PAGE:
There is a nine second sample of an animated music rap from the Rap Guide to Religion Album on the campaign page. Surprisngly, Baba and his colleague have not made the sample available for embedding elsewhere so you’ll have to go there to see it.

* I failed to properly schedule publication (I forgot to change the date) of this post and so it bears an Aug. 1, 2014 publication date. Today is Aug. 15, 2014.

Math, science and the movies; research on the African continent; diabetes and mice in Canada; NANO Magazine and Canada; poetry on Bowen Island, April 17, 2010

About 10 years ago, I got interested in how the arts and sciences can inform each other when I was trying to organize an art/science event which never did get off the ground (although I still harbour hopes for it one day).  It all came back to me when I read Dave Bruggeman’s (Pasco Phronesis blog) recent post about a new Creative Science Studio opening at the School of Cinematic Arts at the University of Southern California (USC). From Dave’s post,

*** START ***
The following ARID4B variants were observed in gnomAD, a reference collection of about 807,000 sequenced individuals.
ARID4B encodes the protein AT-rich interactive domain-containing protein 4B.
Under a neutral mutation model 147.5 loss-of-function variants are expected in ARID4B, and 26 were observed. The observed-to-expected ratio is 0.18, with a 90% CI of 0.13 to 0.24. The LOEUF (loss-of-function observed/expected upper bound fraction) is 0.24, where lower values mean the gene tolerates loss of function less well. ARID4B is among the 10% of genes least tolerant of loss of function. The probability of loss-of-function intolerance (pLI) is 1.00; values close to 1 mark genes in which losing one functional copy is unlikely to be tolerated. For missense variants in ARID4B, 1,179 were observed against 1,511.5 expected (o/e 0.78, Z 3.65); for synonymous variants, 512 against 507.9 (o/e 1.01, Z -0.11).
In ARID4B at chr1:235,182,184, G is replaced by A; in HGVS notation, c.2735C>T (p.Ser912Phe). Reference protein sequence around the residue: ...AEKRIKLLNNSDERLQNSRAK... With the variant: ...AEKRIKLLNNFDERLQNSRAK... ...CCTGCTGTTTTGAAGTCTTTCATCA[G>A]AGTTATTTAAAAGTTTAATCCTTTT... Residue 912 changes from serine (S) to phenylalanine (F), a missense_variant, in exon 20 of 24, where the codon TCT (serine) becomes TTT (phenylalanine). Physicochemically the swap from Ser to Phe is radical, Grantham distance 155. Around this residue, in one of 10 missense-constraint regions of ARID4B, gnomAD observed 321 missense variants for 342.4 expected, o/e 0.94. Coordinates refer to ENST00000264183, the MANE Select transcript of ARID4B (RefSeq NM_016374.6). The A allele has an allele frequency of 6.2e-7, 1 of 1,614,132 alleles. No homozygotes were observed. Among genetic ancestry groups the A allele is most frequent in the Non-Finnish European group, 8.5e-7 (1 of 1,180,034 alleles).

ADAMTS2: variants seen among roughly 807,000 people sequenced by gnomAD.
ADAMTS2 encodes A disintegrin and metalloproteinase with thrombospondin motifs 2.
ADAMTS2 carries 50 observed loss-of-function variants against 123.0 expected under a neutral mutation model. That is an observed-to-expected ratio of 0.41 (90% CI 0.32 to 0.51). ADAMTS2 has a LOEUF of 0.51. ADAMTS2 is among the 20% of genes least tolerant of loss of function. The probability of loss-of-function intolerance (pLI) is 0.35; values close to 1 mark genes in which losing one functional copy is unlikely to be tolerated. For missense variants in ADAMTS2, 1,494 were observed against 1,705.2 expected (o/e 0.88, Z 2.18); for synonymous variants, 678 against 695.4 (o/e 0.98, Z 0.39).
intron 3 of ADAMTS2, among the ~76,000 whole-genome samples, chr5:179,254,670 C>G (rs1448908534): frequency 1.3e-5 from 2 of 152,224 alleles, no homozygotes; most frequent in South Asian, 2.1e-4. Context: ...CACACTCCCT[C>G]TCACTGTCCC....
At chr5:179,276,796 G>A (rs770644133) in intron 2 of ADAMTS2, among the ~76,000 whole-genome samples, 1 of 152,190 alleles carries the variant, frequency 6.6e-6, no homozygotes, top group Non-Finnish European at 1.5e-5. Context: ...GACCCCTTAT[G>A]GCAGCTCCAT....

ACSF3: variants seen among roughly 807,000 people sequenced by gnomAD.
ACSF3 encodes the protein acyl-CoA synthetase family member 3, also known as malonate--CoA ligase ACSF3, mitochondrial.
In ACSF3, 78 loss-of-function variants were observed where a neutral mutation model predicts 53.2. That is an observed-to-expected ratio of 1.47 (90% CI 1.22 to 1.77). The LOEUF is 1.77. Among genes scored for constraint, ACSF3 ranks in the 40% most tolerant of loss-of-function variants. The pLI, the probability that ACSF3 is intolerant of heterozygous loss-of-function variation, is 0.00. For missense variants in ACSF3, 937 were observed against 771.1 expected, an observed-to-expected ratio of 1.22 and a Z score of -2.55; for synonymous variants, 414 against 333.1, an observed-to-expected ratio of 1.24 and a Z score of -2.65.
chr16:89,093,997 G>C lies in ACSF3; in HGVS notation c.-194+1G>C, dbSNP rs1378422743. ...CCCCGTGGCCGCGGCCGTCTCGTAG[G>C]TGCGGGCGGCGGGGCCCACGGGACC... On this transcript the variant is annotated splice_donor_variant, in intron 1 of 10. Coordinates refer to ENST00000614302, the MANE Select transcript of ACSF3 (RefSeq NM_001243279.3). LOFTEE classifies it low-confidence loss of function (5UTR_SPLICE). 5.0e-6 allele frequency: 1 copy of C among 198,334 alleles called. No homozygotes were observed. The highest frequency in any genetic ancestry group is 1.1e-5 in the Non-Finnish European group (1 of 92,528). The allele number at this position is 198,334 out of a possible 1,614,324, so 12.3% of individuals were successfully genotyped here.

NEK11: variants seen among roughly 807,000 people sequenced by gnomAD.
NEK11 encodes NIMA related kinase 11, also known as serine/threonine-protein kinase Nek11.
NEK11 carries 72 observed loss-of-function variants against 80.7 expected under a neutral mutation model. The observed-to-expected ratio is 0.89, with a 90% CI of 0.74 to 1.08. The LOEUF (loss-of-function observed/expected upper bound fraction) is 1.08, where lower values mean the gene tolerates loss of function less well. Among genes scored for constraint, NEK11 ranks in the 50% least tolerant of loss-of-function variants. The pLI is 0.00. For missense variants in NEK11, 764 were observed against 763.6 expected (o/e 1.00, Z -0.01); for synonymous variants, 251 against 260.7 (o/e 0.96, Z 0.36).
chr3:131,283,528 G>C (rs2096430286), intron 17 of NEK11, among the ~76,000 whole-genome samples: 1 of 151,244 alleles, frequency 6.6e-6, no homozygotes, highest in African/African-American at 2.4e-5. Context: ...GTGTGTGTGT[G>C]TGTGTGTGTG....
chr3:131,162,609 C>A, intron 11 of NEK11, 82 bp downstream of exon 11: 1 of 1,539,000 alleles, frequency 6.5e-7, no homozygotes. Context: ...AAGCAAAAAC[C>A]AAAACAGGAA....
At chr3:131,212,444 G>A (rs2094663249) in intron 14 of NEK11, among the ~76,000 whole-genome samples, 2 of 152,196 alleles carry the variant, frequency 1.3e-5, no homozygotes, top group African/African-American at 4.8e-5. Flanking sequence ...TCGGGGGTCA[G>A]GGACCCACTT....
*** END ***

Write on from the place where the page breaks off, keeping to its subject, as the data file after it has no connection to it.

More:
It [Creative Science Studio] will start this fall at USC, where its School of Cinematic Arts makes heavy use of its proximity to Hollywood, and builds on its history of other projects that use science, technology and entertainment in other areas of research.

The studio will not only help studios improve the depiction of science in the products of their students, faculty and alumni (much like the Science and Entertainment Exchange), but help scientists create entertaining outreach products. In addition, science and engineering topics will be incorporated into the School’s curriculum and be supported in faculty research.

This announcement reminds me a little bit of an IBM/USC initiative in 2008 (from the news item on Nanowerk),

For decades Hollywood has looked to science for inspiration, now IBM researchers are looking to Hollywood for new ideas too.

The entertainment industry has portrayed possible future worlds through science fiction movies – many created by USC’s famous alumni – and IBM wants to tap into that creativity.

At a kickoff event at the USC School of Cinematic Arts, five of IBM’s top scientists met with students and alumni of the school, along with other invitees from the entertainment industry, to “Imagine the World in 2050.” The event is the first phase of an expected collaboration between IBM and USC to explore how combining creative vision and insight with science and technology trends might fuel novel solutions to the most pressing problems and opportunities of our time.